Do we need RNs in nursing homes? The NSW government doesn’t think so

 

It seems that every day I keep being reminded of issues facing the ‘premature death’ debate in Residential Aged Care Facilities (RACFs). An article today again raised this issue on a matter that had gone under my radar, that the New South Wales (NSW) minimum legislative ruling regarding a registered nurse to be on duty in a RACF 24 hours a day seven days a week had been abolished. I must say as a registered nurse, healthcare worker, former aged care registered nurse and aged care manager I was appalled.

A little background

The NSW Public Health Act 2010 superseded the NSW Public Health Act 1991. Section 104 of the 2010 act stated that a nursing home (their definition) MUST be staffed by a registered nurse at ALL times. This act was intended to ensure that RACF residents who were needing what was formerly known as high care would be taken care of by registered nurses. When this act was passed the Commonwealth Aged Care Act of 1997 was in-place and defined what was considered as high and low residential aged care.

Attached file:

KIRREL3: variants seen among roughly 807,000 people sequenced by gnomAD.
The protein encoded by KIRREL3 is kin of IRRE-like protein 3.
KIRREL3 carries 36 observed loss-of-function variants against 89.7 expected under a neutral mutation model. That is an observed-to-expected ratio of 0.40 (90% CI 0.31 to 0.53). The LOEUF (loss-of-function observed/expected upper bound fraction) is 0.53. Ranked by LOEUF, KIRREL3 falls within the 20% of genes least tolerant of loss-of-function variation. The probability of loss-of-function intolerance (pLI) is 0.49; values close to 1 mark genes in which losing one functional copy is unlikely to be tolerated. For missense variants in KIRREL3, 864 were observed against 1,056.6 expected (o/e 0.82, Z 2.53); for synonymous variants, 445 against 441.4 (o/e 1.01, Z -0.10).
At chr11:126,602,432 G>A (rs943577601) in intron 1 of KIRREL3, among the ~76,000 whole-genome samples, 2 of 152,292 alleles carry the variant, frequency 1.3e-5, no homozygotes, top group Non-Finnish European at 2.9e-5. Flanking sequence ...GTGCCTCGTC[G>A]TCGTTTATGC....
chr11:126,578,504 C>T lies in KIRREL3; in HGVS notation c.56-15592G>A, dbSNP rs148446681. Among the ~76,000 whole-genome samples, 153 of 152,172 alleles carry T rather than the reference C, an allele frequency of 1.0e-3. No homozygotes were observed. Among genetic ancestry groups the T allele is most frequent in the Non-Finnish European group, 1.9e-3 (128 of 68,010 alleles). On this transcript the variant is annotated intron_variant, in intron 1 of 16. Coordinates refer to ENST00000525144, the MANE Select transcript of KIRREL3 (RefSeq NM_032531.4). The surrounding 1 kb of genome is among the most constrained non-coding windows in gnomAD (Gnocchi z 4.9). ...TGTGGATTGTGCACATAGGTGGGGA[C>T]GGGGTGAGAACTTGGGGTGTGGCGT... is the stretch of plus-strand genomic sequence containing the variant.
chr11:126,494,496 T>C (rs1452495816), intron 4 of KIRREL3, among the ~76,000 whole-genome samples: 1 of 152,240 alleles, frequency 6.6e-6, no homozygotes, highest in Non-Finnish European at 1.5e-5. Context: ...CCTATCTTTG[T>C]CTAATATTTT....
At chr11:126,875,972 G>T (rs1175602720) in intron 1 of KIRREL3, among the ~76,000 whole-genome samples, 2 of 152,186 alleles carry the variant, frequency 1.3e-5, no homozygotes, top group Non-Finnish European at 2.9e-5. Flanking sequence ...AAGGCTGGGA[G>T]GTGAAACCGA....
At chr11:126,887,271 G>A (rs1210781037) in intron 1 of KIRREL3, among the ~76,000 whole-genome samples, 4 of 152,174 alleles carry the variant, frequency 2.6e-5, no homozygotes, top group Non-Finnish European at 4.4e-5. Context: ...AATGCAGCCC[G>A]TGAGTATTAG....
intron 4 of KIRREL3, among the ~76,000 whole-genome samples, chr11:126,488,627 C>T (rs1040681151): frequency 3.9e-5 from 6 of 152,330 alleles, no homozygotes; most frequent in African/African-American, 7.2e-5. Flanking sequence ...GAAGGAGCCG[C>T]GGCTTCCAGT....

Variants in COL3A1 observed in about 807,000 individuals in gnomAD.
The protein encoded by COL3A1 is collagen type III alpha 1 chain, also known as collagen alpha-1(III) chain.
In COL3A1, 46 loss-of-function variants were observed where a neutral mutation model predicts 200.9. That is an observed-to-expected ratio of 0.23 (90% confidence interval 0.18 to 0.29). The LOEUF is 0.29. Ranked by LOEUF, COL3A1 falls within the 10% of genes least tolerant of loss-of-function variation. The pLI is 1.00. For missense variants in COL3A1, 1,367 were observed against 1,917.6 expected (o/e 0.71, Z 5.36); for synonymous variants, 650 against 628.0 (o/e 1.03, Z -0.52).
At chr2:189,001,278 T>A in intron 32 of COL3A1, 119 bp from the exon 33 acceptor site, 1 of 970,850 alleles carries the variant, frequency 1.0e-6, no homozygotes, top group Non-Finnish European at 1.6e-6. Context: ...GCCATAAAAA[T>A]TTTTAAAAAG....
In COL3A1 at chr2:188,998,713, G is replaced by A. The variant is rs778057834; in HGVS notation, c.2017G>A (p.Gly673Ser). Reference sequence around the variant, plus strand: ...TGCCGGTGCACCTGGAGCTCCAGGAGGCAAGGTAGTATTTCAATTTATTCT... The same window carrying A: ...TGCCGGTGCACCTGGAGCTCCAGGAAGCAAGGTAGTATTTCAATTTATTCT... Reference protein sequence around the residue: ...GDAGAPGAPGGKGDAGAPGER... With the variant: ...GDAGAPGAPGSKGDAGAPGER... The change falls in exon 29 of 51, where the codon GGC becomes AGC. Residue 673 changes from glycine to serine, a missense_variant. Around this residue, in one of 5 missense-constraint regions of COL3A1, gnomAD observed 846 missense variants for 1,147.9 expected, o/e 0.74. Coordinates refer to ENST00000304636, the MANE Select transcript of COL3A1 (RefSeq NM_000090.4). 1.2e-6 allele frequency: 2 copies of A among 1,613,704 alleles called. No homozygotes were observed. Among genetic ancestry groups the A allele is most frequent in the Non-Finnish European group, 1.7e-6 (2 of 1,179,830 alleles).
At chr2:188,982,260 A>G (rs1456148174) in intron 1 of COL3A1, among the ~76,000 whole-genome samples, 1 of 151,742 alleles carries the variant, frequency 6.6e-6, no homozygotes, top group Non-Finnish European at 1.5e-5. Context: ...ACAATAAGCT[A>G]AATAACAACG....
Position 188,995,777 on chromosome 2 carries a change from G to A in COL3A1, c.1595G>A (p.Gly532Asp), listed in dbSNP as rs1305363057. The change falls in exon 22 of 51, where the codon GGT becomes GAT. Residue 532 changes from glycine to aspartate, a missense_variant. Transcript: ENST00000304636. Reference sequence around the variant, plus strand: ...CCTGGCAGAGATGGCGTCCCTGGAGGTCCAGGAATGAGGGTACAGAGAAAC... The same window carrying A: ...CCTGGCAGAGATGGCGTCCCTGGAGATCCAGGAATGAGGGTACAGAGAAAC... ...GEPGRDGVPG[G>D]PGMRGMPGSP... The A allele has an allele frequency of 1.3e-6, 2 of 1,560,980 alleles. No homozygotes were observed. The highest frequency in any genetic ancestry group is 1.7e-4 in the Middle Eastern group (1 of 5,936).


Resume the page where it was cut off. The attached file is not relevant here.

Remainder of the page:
Changes to federal funding legislation

In 2013 the Living Longer, Living Better initiative was passed by the Federal Government. This initiative did several things, but the key factor in this initiative was to eliminate the distinction between high and low residential aged care. Essentially, the government, for all intents and purposes, said that every elderly RACF resident only needed basic care, eliminating the complex health care component. This jeopardized the Public Health Act’s nursing home definition, and therefore potentially removed the requirement for registered nurses to be rostered in RACF homes 24 hours a day. However, in July of 2014 the NSW government publishes an amendment upholding section 104 and continuing to require a registered nurse in RACF homes. This amendment was only an interim measure which expired in Demeber 2015.

NSW government inquiry into RACF care

On the 25th of June 2015 the NSW government begins an inquiry entitled “Registered nurses in New South Wales nursing homes“. The inquiry is finished and the report released on the 29th of October 2015. In it the committee makes several very important distinctions about the role of registered nurses within RACFs:

3.2 For many inquiry participants the administration and management of medication in aged care facilities by registered nurses was considered essential to ensure residents’ health and safety.